Laudable youth initiative providing education to 'Dalits'
AT a time when children of Harijan, a community that largely serves our society as sweepers and cleaners, are stymied by gross discrimination, a group of youths has stepped forward to provide them with basic education. The Harijans are a kind of community who are under the sub-division of Sudra caste in Hindu society. The term "Harijan", meaning the "Children of God", was first used by Mahatma Gandhi to refer to the "Dalits" in 1932.
An online forum, "Gouripur Helpline" came up with the initiative in February this year. They picked a spot inside a kitchen market in Gohata area of Mymensingh's Gouripur upazila and started giving pre-primary education in English, Bangla and Mathematics to the local children of Harijan. The forum is comprised of 20 boys and girls, mostly college students, who believe that it is their social responsibility to do something for the neglected children of the minority community.
These children are not even allowed to sit beside their classmates in other schools. Such an adverse condition coupled with poverty forces them to drop out. The members of the forum have created a fund through small contributions. They also distribute biscuits and education materials among the children during classes.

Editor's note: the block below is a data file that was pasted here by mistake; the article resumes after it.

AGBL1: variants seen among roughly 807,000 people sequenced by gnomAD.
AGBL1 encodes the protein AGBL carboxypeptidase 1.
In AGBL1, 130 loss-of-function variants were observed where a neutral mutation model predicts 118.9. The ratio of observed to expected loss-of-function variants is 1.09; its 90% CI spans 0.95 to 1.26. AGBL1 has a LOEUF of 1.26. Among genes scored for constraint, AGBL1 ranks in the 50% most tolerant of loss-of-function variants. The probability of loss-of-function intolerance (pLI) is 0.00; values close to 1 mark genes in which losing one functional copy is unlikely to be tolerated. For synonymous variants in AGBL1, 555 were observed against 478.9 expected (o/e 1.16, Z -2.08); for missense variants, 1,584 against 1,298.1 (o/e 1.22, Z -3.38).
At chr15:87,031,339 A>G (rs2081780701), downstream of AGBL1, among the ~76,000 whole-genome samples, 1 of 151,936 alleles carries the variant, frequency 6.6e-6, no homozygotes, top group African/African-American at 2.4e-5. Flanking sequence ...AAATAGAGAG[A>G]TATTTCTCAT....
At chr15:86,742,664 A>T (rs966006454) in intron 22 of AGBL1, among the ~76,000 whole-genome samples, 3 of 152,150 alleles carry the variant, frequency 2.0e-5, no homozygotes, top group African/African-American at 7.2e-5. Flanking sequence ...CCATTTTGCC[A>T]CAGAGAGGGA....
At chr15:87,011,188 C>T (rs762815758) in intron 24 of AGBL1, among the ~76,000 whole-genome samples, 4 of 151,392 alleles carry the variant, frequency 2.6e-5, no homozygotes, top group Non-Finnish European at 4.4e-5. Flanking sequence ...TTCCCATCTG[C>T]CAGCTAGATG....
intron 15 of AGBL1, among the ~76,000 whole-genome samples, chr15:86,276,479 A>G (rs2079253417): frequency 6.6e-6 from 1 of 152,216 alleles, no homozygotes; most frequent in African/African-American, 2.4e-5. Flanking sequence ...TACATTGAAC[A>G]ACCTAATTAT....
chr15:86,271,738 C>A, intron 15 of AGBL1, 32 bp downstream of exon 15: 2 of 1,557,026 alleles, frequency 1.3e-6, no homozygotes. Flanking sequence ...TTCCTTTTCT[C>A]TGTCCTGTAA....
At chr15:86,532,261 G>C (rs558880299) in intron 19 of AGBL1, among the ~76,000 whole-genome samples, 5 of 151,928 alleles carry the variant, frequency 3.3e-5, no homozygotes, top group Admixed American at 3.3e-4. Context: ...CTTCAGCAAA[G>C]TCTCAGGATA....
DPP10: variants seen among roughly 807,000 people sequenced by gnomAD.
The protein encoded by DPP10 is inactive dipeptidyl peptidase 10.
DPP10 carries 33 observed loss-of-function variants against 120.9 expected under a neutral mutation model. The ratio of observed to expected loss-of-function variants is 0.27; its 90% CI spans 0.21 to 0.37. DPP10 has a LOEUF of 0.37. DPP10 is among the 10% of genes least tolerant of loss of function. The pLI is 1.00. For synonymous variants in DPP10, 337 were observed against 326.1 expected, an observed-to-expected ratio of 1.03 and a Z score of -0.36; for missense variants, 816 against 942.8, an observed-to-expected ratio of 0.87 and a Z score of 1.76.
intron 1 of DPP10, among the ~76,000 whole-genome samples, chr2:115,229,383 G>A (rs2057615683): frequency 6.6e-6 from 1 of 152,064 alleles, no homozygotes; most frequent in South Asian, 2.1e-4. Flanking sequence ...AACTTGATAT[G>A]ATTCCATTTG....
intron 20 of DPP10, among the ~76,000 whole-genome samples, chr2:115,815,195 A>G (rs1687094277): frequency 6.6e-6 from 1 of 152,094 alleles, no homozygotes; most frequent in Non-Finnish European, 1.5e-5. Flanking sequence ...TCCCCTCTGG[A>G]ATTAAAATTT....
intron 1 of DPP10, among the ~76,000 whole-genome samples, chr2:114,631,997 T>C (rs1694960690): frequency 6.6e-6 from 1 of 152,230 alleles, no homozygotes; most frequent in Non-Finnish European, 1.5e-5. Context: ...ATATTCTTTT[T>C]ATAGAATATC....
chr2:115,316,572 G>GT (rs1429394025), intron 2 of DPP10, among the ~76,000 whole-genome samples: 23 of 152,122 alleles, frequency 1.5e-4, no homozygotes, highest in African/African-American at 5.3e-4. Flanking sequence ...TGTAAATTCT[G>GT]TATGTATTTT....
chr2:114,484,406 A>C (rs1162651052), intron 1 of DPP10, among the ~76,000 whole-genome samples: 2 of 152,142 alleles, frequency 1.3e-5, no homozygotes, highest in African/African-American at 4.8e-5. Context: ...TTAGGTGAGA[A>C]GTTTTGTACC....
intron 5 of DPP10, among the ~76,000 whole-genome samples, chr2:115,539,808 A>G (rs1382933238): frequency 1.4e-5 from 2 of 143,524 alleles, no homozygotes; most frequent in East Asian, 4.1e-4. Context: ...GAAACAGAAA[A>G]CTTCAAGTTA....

India's caste system is among the world's oldest forms of surviving social stratification. The system which divides Hindus into rigid hierarchical groups based on their karma (work) and dharma (the Hindi word for religion, but here it means duty) is generally accepted to be more than 3,000 years old. The system bestowed many privileges on the upper castes while sanctioning repression of the lower castes by privileged groups.
Often criticised for being unjust and regressive, it remained virtually unchanged for centuries, trapping people into fixed social orders from which it was impossible to escape. Despite the obstacles, however, some Dalits and other low-caste Hindus have risen to hold prestigious positions.
Historians, though, say that until the 18th Century, the formal distinctions of caste were of limited importance to Indians, social identities were much more flexible and people could move easily from one caste to another. New research shows that hard boundaries were set by the British rulers who made caste India's defining social feature when they used censuses to simplify the system, primarily to create a single society with a common law that could be easily governed.
Our neighbouring country India's constitution banned discrimination on the basis of caste, and, in an attempt to correct historical injustices and provide a level playing field to the traditionally disadvantaged, the authorities announced quotas in government jobs and educational institutions for scheduled castes and tribes, the lowest in the caste hierarchy, in 1950. But despite such legislative steps it is difficult to change the minds of people.